In Re Huffy Corp. , 424 B.R. 295 ( 2010 )


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  • 424 B.R. 295 (2010)

    In re HUFFY CORPORATION, et al., Debtors.

    Nos. 04-39148, 04-39167.

    United States Bankruptcy Court, S.D. Ohio, Western Division at Dayton.

    January 20, 2010.

    *297 Devon Merling, Kim Martin Lewis, Dinsmore & Shohl, LLP, Cincinnati, OH, Kasey T. Ingram, Marysville, OH, for Debtors.

    DECISION GRANTING REORGANIZED DEBTORS' MOTION TO ENFORCE CONFIRMATION INJUNCTION AND DISCHARGE AGAINST TSA STORES, INC.

    LAWRENCE S. WALTER, Bankruptcy Judge.

    The court has jurisdiction over this matter pursuant to 28 U.S.C. §§ 157(a) and 1334 and the standing General Order of Reference in this district. This matter is before the court on the Reorganized Debtors' Motion to Enforce Confirmation Injunction and Discharge Against TSA Stores, Inc. [Doc. 1786]. The motion was filed to prevent TSA Stores, Inc. ("TSA") from continuing litigation against the Reorganized Debtors, Huffy Corporation, et al. ("Huffy"[1]), for indemnification in a tort action filed in Missouri. TSA filed a memorandum in opposition to Huffy's motion [Doc. 1797]; and Huffy filed a reply [Doc. 1802]. Huffy also filed a supplemental support document [Doc. 1832] to which TSA objected [Doc. 1840]. The court held a hearing to consider the matter on February 8, 2007 at which time the parties discussed the need for a joint fact stipulation and further briefing.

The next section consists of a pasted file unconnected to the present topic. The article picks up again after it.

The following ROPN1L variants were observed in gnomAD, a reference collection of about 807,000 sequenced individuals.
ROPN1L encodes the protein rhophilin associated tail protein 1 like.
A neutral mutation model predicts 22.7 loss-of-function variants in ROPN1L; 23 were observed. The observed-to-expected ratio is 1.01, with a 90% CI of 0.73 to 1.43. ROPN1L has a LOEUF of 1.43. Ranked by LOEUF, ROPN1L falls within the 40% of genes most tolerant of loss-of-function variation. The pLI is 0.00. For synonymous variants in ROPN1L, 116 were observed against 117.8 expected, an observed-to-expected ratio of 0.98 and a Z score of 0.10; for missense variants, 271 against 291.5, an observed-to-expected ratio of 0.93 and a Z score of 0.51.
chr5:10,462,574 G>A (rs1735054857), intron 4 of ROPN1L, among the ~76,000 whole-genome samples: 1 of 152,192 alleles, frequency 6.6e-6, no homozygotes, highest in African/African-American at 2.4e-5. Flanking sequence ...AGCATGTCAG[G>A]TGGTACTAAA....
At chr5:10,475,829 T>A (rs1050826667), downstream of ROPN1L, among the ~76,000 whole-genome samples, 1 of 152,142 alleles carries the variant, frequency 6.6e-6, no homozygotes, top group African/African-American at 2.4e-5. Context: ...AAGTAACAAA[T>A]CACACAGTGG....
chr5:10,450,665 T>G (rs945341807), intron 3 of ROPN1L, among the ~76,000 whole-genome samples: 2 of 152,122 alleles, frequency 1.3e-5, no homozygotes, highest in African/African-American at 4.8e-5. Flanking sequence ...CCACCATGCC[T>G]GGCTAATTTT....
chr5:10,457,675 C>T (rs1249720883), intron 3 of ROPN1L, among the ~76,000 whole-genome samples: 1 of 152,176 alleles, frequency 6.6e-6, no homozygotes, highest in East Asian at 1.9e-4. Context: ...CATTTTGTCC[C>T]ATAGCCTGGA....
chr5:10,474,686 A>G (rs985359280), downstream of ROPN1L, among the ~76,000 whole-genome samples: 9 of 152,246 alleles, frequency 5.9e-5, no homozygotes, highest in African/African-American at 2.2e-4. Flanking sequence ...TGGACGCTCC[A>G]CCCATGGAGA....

For various reasons, including settlement attempts, the joint stipulation and briefs were not forthcoming until the Joint Motion to Seal [Doc.1957] filed by the parties on January 29, 2009 requesting that the parties' joint stipulation be filed under seal. The court granted the motion [Doc. 1960] and the parties' Stipulated Statement of Facts was filed under seal on March 3, 2009 [Doc.1965]. A subsequent telephone conference held on March 18, 2009 led to the entry of an order setting a briefing schedule [Doc.1968]. The parties have now filed their briefs and responsive documents [Docs.1970-1973], also under seal, and the court is prepared to render its decision in this matter.

    SUMMARY OF THE ISSUE AND DETERMINATION OF THE COURT

    The issue presented to the court is the proper characterization of TSA's claim for indemnification against Huffy as a prepetition claim discharged in Huffy's bankruptcy cases[2] or a post-confirmation claim that is not discharged and may be pursued against the Reorganized Debtors outside of this bankruptcy court. TSA's claim is based on the prepetition sale of a product, more specifically an in-ground basketball pole, allegedly manufactured by Huffy and sold at one of TSA's stores under a prepetition agreement between Huffy and TSA. The prepetition agreement included an indemnification provision. However, the injurious event triggering potential liability did not occur until after the bankruptcy filing nor did TSA or Huffy receive notice of the injurious event until after Huffy's plan of reorganization was confirmed.